"‘Brahmins began to feel uneasy at permitting even their thoughts to touch the thoughts of untouchables’"

A Brahmin is considered the highest of the four varnas or classes in the traditional Hindu caste system, a form of social stratification in which residents were defined by their social status.

Traditionally, the full four varnas are:

  • Brahmins- Scholars, teachers and priests
  • Kshatriyas - Soldiers and warriors
  • Vaishyas - Agricultural workers and merchants
  • Shudras - Service providers and artisans

The Harijans or Untouchables formed a fifth group, who were not allowed to interact with those of a higher caste. This group was largely made up of those outside of the social structure, such as nomadic, tribal people and Candala, those who had to deal with the disposable of the dead.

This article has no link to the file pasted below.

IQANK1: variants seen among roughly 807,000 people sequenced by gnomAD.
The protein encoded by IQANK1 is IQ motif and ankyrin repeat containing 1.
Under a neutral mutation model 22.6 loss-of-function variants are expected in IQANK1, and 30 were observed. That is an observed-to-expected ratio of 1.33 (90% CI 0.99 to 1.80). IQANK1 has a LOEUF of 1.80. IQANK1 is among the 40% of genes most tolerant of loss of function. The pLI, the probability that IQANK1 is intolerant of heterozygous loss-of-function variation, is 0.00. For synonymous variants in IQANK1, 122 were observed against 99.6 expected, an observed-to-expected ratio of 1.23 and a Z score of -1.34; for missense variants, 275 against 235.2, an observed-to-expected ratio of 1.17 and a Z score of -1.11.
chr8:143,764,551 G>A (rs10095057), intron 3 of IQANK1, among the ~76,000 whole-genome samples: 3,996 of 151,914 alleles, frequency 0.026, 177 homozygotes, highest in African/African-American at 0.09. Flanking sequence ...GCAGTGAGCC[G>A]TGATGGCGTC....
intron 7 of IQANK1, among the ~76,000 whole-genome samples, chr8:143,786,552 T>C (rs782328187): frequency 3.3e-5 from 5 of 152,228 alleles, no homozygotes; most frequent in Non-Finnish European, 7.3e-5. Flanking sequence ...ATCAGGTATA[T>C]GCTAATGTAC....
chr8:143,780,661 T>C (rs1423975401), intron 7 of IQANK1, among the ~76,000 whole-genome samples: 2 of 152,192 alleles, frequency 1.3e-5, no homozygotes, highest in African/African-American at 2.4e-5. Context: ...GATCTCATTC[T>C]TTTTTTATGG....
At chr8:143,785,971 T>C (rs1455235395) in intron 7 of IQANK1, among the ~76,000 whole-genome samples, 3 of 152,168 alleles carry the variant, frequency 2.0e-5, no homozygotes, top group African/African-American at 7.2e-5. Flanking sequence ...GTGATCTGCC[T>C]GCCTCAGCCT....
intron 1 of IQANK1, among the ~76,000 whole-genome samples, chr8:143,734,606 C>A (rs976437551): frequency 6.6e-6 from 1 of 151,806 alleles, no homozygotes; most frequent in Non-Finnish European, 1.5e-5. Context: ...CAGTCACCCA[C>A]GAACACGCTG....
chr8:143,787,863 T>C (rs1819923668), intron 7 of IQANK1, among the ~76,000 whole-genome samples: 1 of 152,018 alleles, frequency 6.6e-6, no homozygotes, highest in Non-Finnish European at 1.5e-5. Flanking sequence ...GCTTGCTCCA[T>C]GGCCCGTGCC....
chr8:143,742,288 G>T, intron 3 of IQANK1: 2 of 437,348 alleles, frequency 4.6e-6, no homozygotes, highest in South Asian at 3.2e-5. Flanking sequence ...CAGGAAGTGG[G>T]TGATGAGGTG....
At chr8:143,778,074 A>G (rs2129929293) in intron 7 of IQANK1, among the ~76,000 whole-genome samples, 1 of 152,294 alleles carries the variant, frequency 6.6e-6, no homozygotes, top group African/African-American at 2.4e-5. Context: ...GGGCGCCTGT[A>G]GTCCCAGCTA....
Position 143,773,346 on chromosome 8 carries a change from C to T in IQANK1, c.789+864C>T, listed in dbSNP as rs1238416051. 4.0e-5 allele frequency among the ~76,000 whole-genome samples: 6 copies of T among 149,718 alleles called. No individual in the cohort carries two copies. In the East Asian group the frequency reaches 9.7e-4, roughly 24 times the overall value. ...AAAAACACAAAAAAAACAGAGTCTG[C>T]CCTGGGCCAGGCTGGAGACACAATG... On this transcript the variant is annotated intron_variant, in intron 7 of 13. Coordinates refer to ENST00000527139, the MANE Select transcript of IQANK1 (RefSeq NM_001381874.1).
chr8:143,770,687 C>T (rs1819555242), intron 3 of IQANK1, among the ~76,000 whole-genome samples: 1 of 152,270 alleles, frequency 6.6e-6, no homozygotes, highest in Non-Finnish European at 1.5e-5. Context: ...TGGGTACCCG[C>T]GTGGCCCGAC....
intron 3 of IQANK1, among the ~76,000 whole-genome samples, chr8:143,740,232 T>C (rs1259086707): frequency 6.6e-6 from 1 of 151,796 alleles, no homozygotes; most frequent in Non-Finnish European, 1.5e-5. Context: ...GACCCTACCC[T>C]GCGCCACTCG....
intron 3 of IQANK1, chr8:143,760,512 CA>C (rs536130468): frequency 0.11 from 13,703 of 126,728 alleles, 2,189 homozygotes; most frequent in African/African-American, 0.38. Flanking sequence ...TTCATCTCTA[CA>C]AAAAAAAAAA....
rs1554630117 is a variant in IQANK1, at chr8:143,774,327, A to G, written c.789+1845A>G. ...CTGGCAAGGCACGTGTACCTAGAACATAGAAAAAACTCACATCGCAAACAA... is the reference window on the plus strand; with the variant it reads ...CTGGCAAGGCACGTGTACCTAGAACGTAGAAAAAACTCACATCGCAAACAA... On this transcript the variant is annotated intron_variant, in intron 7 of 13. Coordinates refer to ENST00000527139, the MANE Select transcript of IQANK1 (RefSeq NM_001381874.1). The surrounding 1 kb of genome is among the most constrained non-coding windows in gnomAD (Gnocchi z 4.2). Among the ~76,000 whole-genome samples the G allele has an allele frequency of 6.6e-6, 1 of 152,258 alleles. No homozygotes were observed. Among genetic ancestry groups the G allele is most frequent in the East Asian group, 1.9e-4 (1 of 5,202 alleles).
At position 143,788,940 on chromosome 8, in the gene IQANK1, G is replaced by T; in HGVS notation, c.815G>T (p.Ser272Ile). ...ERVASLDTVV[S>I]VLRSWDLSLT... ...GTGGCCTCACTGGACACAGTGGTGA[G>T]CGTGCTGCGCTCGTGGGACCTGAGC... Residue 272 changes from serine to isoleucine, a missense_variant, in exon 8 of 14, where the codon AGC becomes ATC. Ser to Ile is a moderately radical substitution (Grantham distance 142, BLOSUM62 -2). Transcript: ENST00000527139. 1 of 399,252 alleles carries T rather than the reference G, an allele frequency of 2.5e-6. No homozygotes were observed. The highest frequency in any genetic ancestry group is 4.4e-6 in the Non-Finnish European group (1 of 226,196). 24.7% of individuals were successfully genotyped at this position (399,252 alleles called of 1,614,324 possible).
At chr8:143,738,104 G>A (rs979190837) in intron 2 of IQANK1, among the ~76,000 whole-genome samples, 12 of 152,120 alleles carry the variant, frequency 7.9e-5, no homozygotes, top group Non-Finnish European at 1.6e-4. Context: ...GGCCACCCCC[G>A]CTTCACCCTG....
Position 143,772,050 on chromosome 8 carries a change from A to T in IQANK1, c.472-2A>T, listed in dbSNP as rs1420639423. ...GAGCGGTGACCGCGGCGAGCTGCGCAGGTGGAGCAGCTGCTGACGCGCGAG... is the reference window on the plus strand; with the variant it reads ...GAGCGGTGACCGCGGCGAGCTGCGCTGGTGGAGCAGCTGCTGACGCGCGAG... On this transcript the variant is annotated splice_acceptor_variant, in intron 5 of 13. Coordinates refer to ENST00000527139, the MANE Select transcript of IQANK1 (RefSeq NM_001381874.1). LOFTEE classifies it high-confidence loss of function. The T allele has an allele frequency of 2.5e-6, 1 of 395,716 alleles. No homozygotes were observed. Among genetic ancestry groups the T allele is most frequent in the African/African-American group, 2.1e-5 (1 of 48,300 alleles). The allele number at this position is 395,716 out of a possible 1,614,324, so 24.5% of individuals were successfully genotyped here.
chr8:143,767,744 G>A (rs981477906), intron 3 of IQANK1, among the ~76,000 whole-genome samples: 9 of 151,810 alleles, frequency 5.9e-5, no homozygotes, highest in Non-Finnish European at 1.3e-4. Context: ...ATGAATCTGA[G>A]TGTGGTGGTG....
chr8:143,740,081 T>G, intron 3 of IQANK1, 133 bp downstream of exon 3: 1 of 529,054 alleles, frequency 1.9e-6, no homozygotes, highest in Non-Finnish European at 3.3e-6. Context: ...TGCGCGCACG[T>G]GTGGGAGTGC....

According to traditional scholars, groups of lower-caste individuals could seek to elevate the status of their caste by attempting to emulate the practices of higher castes.

While a contemporary version of the caste system still exists in India it has been largely criticised by a number of different scholars and organizations such as the Rashtriya Swayamsevak Sangh (National Patriotic Society), as a form of racial discrimination.  In 2001 a United Nations conference against racism attempted to pass a resolution declaring the caste system an oppressive form of apartheid – although no formal bill was ever passed.